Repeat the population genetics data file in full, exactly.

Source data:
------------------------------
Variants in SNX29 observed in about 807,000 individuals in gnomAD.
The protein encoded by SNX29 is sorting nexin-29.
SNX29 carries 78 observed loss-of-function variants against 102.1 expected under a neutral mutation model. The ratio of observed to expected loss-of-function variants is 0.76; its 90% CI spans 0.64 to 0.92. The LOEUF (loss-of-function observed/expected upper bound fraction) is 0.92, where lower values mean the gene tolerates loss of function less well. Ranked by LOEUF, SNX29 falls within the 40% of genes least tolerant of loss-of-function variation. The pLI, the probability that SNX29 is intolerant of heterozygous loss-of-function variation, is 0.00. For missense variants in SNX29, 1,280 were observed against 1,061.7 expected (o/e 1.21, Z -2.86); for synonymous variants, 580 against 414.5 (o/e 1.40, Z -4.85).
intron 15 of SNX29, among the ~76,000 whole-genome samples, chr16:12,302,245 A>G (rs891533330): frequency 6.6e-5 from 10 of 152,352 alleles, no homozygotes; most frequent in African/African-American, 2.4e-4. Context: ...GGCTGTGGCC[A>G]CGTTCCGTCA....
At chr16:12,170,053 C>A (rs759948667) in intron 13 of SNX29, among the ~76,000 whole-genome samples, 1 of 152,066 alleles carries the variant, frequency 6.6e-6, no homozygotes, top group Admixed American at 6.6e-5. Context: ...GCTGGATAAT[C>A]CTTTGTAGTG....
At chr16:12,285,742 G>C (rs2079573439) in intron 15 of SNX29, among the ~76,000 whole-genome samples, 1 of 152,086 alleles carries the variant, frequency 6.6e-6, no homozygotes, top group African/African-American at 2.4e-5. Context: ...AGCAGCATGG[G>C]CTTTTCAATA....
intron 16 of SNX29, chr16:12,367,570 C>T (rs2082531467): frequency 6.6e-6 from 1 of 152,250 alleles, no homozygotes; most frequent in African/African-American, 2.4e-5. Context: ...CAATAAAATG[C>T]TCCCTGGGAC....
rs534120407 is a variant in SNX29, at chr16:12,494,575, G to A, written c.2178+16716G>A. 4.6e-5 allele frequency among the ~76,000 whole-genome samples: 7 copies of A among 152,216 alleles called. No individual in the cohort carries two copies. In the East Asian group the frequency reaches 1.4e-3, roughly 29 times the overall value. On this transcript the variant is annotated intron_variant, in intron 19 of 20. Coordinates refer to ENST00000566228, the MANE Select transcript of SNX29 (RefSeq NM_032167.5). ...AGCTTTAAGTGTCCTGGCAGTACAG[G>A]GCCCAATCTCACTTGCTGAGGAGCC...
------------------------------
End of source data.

Variants in SNX29 observed in about 807,000 individuals in gnomAD.
The protein encoded by SNX29 is sorting nexin-29.
SNX29 carries 78 observed loss-of-function variants against 102.1 expected under a neutral mutation model. The ratio of observed to expected loss-of-function variants is 0.76; its 90% CI spans 0.64 to 0.92. The LOEUF (loss-of-function observed/expected upper bound fraction) is 0.92, where lower values mean the gene tolerates loss of function less well. Ranked by LOEUF, SNX29 falls within the 40% of genes least tolerant of loss-of-function variation. The pLI, the probability that SNX29 is intolerant of heterozygous loss-of-function variation, is 0.00. For missense variants in SNX29, 1,280 were observed against 1,061.7 expected (o/e 1.21, Z -2.86); for synonymous variants, 580 against 414.5 (o/e 1.40, Z -4.85).
intron 15 of SNX29, among the ~76,000 whole-genome samples, chr16:12,302,245 A>G (rs891533330): frequency 6.6e-5 from 10 of 152,352 alleles, no homozygotes; most frequent in African/African-American, 2.4e-4. Context: ...GGCTGTGGCC[A>G]CGTTCCGTCA....
At chr16:12,170,053 C>A (rs759948667) in intron 13 of SNX29, among the ~76,000 whole-genome samples, 1 of 152,066 alleles carries the variant, frequency 6.6e-6, no homozygotes, top group Admixed American at 6.6e-5. Context: ...GCTGGATAAT[C>A]CTTTGTAGTG....
At chr16:12,285,742 G>C (rs2079573439) in intron 15 of SNX29, among the ~76,000 whole-genome samples, 1 of 152,086 alleles carries the variant, frequency 6.6e-6, no homozygotes, top group African/African-American at 2.4e-5. Context: ...AGCAGCATGG[G>C]CTTTTCAATA....
intron 16 of SNX29, chr16:12,367,570 C>T (rs2082531467): frequency 6.6e-6 from 1 of 152,250 alleles, no homozygotes; most frequent in African/African-American, 2.4e-5. Context: ...CAATAAAATG[C>T]TCCCTGGGAC....
rs534120407 is a variant in SNX29, at chr16:12,494,575, G to A, written c.2178+16716G>A. 4.6e-5 allele frequency among the ~76,000 whole-genome samples: 7 copies of A among 152,216 alleles called. No individual in the cohort carries two copies. In the East Asian group the frequency reaches 1.4e-3, roughly 29 times the overall value. On this transcript the variant is annotated intron_variant, in intron 19 of 20. Coordinates refer to ENST00000566228, the MANE Select transcript of SNX29 (RefSeq NM_032167.5). ...AGCTTTAAGTGTCCTGGCAGTACAG[G>A]GCCCAATCTCACTTGCTGAGGAGCC...